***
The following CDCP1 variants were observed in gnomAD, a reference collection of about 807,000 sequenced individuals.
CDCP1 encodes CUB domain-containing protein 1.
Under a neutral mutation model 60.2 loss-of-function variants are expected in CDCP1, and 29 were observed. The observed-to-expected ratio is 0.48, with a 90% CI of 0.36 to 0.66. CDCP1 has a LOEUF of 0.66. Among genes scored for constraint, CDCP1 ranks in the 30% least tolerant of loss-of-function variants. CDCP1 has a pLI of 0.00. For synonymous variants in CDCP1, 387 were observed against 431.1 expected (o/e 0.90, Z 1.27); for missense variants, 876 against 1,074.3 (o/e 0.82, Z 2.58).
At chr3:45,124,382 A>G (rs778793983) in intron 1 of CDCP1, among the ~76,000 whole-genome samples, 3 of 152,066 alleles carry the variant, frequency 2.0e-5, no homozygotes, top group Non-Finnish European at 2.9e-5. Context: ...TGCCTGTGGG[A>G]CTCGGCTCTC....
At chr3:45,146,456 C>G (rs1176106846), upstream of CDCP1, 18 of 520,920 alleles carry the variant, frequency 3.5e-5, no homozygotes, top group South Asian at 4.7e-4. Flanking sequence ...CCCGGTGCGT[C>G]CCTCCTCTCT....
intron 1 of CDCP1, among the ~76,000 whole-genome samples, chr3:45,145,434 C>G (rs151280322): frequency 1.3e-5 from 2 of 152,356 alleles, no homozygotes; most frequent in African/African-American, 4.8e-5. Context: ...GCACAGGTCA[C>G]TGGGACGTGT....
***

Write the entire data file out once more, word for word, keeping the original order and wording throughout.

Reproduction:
The following CDCP1 variants were observed in gnomAD, a reference collection of about 807,000 sequenced individuals.
CDCP1 encodes CUB domain-containing protein 1.
Under a neutral mutation model 60.2 loss-of-function variants are expected in CDCP1, and 29 were observed. The observed-to-expected ratio is 0.48, with a 90% CI of 0.36 to 0.66. CDCP1 has a LOEUF of 0.66. Among genes scored for constraint, CDCP1 ranks in the 30% least tolerant of loss-of-function variants. CDCP1 has a pLI of 0.00. For synonymous variants in CDCP1, 387 were observed against 431.1 expected (o/e 0.90, Z 1.27); for missense variants, 876 against 1,074.3 (o/e 0.82, Z 2.58).
At chr3:45,124,382 A>G (rs778793983) in intron 1 of CDCP1, among the ~76,000 whole-genome samples, 3 of 152,066 alleles carry the variant, frequency 2.0e-5, no homozygotes, top group Non-Finnish European at 2.9e-5. Context: ...TGCCTGTGGG[A>G]CTCGGCTCTC....
At chr3:45,146,456 C>G (rs1176106846), upstream of CDCP1, 18 of 520,920 alleles carry the variant, frequency 3.5e-5, no homozygotes, top group South Asian at 4.7e-4. Flanking sequence ...CCCGGTGCGT[C>G]CCTCCTCTCT....
intron 1 of CDCP1, among the ~76,000 whole-genome samples, chr3:45,145,434 C>G (rs151280322): frequency 1.3e-5 from 2 of 152,356 alleles, no homozygotes; most frequent in African/African-American, 4.8e-5. Context: ...GCACAGGTCA[C>G]TGGGACGTGT....